Bacteria lurks on soft surfaces too

No matter what type of facility you work in, whether it is a hotel, office, school or even a long-term care facility, there are contaminated soft surfaces that need attention.

From carpets and upholstered furniture to mattresses, curtains and bedspreads, soft surfaces, just like all hard surfaces, are potential reservoirs of harmful bacteria that can cause infection.

Thus, the important questions become:

  • What potentially harmful bacteria live on these soft surfaces?
  • How does a cleaner effectively decontaminate them?

What Lives On Soft Surfaces?

Many types of potentially harmful bacteria can survive on soft surfaces including MRSA, VRE and influenza.

Scientific research has shown not only the presence of pathogens on soft surfaces, but also that organisms can persist on soft surfaces for several hours — like the influenza virus1 — to as long as three months for MRSA and VRE on fabrics like polyester.2

Since pathogens can survive for days and months on soft surfaces, it is likely that the surface will be touched while the pathogen is still alive, and therefore it is assumed that soft surfaces can and do play a role in the spread of infection in facilities.

While the presence of microorganisms has been verified, only a few studies have looked at the link to transmission.

However, these studies have shown that bacteria can be transferred to upholstery and fabric cushions, and then back to people.3,4

One study found that after treating hospital MRSA patients, 65 percent of nurses had uniforms contaminated with MRSA.5

In another study, a multidrug-resistant Acinetobacter baumanii outbreak was linked back to contaminated hospital privacy curtains.6

Although soft surfaces in healthcare settings are more frequently studied, soft surfaces in other settings should not be ignored.

Facilities that provide areas for close personal contact, such as gyms and schools, and especially day care and long-term care facilities, are ideal environments for the spread of infections and are likely one of the most common sources of infectious diseases.i

People don’t always think about sanitizing all soft surfaces, like upholstery which cannot be laundered, but these surfaces can still contribute to the spread of infection.

Commonly Contaminated

Personal soft items like bed sheets in hotels and some healthcare facilities are likely less of a concern for cross-contamination since they are usually laundered after use.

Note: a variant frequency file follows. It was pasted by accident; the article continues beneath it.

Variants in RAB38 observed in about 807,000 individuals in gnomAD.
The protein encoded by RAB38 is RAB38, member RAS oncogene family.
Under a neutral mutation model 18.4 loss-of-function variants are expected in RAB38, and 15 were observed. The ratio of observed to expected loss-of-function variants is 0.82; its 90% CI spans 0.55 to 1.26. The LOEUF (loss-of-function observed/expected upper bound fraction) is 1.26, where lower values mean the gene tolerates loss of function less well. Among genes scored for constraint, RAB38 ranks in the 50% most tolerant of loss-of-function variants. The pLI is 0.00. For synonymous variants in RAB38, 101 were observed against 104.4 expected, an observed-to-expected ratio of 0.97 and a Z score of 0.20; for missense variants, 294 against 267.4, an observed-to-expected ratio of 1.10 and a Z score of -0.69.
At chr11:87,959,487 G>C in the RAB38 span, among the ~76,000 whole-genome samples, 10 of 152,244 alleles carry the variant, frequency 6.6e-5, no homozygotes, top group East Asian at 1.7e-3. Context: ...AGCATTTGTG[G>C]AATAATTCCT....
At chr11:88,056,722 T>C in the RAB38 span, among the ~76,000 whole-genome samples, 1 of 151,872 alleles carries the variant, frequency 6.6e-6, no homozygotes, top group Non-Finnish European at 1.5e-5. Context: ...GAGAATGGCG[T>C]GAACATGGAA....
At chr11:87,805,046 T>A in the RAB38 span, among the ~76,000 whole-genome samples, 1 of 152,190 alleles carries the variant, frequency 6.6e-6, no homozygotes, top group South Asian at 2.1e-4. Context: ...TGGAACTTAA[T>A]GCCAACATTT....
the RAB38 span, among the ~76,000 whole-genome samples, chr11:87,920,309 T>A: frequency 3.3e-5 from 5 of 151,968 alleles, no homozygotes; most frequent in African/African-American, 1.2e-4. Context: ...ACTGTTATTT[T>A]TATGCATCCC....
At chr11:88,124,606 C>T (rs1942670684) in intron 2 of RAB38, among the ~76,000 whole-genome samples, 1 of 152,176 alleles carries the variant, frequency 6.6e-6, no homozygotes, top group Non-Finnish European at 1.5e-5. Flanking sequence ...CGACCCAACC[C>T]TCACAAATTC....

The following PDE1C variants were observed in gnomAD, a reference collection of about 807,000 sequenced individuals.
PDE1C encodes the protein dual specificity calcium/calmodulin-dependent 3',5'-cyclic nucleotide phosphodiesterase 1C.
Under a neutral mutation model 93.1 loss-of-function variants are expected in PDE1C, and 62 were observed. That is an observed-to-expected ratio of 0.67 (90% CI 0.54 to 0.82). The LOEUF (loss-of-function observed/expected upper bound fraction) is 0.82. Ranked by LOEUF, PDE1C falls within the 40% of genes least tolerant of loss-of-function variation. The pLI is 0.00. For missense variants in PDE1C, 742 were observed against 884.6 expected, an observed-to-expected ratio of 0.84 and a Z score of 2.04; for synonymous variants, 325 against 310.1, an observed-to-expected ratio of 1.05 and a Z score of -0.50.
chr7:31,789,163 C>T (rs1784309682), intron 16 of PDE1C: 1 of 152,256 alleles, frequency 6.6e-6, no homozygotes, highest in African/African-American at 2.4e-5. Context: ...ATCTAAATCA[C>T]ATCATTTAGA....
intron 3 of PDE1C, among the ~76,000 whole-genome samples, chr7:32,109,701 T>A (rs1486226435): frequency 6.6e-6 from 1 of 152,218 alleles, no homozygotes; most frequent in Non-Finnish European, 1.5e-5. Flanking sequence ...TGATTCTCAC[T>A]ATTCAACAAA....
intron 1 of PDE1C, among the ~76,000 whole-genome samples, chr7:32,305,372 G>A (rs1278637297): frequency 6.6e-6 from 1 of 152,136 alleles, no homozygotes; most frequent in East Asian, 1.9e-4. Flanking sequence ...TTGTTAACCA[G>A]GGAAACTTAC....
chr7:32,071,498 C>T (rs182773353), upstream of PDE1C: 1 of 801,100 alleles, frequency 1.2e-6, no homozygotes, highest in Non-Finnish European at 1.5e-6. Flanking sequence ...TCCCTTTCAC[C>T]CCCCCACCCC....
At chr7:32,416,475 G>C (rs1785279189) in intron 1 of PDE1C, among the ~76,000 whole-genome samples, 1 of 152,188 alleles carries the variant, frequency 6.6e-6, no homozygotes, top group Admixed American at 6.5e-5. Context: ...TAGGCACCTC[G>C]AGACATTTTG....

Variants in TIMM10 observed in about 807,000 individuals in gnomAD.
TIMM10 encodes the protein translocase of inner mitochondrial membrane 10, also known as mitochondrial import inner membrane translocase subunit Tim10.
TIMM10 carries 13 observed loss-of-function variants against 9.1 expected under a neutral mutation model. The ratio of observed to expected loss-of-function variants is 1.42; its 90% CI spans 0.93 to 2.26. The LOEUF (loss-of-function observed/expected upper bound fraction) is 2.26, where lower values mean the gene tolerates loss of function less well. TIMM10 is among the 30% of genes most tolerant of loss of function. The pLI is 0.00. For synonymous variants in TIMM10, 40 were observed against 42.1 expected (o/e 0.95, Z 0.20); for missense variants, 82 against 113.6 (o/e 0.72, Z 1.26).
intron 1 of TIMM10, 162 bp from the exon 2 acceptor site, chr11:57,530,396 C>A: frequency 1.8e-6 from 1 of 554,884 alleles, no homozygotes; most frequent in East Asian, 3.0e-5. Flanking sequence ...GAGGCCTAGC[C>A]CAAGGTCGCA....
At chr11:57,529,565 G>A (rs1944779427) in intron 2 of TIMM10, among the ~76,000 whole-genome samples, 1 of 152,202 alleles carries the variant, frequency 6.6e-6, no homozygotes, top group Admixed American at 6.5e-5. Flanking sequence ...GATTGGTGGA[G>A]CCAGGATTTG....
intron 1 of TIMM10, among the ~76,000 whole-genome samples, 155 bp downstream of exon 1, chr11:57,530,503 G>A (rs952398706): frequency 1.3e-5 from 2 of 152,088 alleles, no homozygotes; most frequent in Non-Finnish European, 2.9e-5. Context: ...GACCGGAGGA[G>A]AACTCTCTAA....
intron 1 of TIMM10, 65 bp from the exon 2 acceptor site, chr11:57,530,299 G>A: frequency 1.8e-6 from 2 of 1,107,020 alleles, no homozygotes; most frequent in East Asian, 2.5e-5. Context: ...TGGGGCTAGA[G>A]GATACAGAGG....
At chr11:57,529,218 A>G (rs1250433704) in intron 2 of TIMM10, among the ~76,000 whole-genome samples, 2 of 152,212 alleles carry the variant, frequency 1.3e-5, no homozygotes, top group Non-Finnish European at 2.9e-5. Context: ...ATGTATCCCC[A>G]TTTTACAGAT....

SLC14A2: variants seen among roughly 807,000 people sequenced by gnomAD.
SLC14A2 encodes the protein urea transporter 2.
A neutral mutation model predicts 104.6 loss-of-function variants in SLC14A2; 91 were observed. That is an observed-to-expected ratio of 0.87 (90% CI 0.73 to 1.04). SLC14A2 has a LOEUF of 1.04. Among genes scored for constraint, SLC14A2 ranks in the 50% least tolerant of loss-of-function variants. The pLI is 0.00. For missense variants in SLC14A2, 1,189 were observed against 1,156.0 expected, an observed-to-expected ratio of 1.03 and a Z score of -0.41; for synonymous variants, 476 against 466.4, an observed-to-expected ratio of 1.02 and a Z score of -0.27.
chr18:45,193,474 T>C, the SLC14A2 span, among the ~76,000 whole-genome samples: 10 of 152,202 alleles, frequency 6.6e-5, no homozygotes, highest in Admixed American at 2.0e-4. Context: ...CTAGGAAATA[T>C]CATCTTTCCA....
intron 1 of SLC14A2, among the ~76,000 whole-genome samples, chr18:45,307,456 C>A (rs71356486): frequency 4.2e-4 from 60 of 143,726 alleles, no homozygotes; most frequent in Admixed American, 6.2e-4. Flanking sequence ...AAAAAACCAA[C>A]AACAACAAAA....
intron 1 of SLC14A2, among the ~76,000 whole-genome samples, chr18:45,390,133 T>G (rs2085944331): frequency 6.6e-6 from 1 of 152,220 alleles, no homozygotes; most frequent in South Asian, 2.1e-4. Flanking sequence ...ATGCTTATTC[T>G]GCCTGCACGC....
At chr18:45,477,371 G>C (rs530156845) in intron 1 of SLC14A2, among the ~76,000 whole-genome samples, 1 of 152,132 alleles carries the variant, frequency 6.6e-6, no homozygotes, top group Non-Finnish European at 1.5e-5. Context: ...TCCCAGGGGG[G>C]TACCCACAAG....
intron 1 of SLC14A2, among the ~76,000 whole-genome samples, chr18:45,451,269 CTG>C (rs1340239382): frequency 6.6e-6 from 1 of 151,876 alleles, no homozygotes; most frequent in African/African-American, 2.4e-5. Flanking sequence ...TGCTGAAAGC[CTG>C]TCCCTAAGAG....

But materials such as upholstered chairs and sofas in common building areas or mats and pads in gyms and rehab facilities are very rarely, if ever, sanitized and can contribute to the spread of pathogens among customers, patients and staff.

In fact, even infrequently touched items can contribute to the continuous cycle of transmission.

However, the soft surfaces of highest concern are those touched or shared most frequently, such as upholstered furniture.

My research has shown that bacterial concentration is particularly high on waiting room chairs, patient chairs and privacy curtains in long-term care and healthcare facilities.

These surfaces can contribute to cross-contamination and can spread infection from person to person.  

Nano-Shield is an effective antimicrobial for both hard and soft/porous surfaces.



Who We Are:

We are a distribution/service company with over 20 years experience providing anti-slip and anti-microbial protection solutions for Healthcare, Hospitality, Residential and Corporate Markets nationwide and internationally.

Mission Statement:

Nano-Concepts utilizes the latest science, materials, research, and techniques, to protect the public from threats posed by unsafe surfaces.

We will continue to develop, market, and install protective technology through our international network of partners. We will make unsafe floors slip resistant and protect all surfaces from damage by bacteria, mold, algae and other microbiological threats.


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2 thoughts on “Bacteria lurks on soft surfaces too

  1. Rob Ettinger

    That is great information! I didn’t know of a product that could be applied to fabrics, awesome! I will call you to get more info, thanks again Rob


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